A person does not have to master Objectivist epistemology in order to understand Objectivism but one should understand that as far as the validation of knowledge goes, that it is through the use of reason that men identify and integrate sensory data from the world surrounding them. Which is to say we do not gain any sort or kind of knowledge from supernatural revelation nor are we born "knowing" anything.
The reason this basic knowledge needs to be understood is that it is required axiomatically to grasp the relationship between existence and identity, consciousness and identification.
answered Sep 22 '10 at 09:07
Martin Gasser ♦
I think it is critically important to understand the essentials of Ayn Rand's unique approach to ideas, for several reasons: 1) it is the approach she used to develop Objectivism, and is thus the logical approach to develop an understanding of it; 2) it is an extremely powerful method, with application well beyond Objectivism and philosophy; and 3) those who try to integrate Objectivism on the wrong epistemological terms have historically not done well by the philosophy, and often end up as bitter enemies of it, not because it is wrong, but because they could not challenge their own ideas, understand Objectivism, and reconcile the two.
There are a few critical components to her method. I informally refer to it as the "objective/inductive method". Its most important feature is its emphasis on deriving new knowledge by induction from facts and observation (rather than through deduction from abstract principles.) The two most important principles that must be kept in mind, are: 1) hierarchy, and 2) integration. Hierarchy means that ideas exist in a hierarchy in relation to each other and to facts--you must always strive to keep track of where in a hierarchy of ideas a particular idea falls. Integration means that all knowledge is interconnected, and you must relate all particular ideas to all other ideas generally, most especially, you must always strive for consistency, such that no ideas contradict each other (or facts, obviously.) As an example of hierarchy, it is a fact that politics is more derivative than ethics, and this is why people who claim to support capitalism but who are ethical altruists, end up actually supporting socialism (e.g. George W. Bush's brand of "compassionate conservatism.) An example of integration, is observing that government interference in utilities, banking, and, other industries causes widespread problems, and thus accepting that as important context in examining interference in medicine and other industries.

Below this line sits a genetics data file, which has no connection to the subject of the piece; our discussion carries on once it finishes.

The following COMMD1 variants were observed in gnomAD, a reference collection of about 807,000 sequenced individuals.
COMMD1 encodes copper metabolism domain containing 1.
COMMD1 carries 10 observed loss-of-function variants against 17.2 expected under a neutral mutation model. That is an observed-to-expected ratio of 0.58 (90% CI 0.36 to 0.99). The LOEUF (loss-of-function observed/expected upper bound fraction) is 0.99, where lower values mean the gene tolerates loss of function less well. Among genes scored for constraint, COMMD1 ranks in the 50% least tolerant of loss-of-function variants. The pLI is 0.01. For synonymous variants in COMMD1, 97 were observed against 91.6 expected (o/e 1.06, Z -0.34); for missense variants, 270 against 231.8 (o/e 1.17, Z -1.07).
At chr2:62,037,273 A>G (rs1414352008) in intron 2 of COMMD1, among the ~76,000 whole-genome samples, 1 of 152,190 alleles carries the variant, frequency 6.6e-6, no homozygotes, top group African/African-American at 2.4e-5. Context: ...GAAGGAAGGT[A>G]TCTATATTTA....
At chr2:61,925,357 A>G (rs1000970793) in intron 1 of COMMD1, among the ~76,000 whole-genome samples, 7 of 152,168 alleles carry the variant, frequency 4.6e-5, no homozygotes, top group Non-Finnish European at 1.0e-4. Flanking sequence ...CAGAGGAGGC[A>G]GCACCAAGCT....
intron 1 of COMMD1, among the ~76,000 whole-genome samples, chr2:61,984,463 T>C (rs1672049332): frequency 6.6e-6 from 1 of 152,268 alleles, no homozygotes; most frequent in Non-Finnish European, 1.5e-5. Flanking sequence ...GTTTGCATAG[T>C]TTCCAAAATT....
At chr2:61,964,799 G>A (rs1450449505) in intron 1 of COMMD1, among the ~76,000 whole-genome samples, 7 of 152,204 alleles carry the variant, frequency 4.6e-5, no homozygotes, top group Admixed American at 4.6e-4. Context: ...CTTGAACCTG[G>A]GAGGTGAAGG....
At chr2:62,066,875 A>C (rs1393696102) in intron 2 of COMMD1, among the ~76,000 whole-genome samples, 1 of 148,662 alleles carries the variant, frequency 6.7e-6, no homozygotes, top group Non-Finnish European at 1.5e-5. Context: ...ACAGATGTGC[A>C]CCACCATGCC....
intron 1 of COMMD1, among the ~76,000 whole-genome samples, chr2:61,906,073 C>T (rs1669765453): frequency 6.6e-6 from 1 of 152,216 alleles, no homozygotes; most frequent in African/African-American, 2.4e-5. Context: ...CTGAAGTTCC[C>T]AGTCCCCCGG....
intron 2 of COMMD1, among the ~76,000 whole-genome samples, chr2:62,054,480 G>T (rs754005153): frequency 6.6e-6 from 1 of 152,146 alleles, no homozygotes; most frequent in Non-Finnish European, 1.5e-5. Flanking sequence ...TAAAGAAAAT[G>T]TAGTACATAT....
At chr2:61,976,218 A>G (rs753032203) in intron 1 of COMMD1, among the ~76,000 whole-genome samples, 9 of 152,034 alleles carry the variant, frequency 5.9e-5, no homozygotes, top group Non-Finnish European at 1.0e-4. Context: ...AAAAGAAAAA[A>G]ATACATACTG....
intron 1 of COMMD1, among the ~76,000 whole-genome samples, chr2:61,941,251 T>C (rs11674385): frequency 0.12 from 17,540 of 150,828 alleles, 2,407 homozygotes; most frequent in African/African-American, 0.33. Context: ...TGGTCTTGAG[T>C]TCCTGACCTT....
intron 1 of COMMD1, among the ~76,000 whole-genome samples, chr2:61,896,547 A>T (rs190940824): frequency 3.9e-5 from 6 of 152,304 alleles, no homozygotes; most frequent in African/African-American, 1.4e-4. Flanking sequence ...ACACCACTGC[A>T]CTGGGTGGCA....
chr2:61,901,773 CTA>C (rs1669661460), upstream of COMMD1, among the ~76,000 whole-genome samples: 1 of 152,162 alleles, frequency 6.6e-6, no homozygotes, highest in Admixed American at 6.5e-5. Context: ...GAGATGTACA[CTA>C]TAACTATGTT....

One thing I found very helpful to give me an explicit understanding of Ayn Rand's unique approach was to dissect some of her essays. I would analyze each paragraph, and describe what it was doing, and how it related to the overall essay. For example, one paragraph might describe a set of factual observations. The next might isolate what was common about the items. The next might list several historical ideas. The next might show how the data contradicted the ideas. Etc.
I wish I could say I knew of an effective guide on these matters, but I haven't encountered it. Leonard Peikoff's book Objectivism: The Philosophy of Ayn Rand does have a chapter on this, but I'm not sure it is tutorial, instead of being theoretical. Others might have taken courses or read works that provide some guidance.
answered Sep 23 '10 at 23:22
Dr. Peikoff addresses essentially the same question in his podcast: "I am an Objectivist. Why should I make a detailed study of the epistemological ideas that Ayn Rand originated?"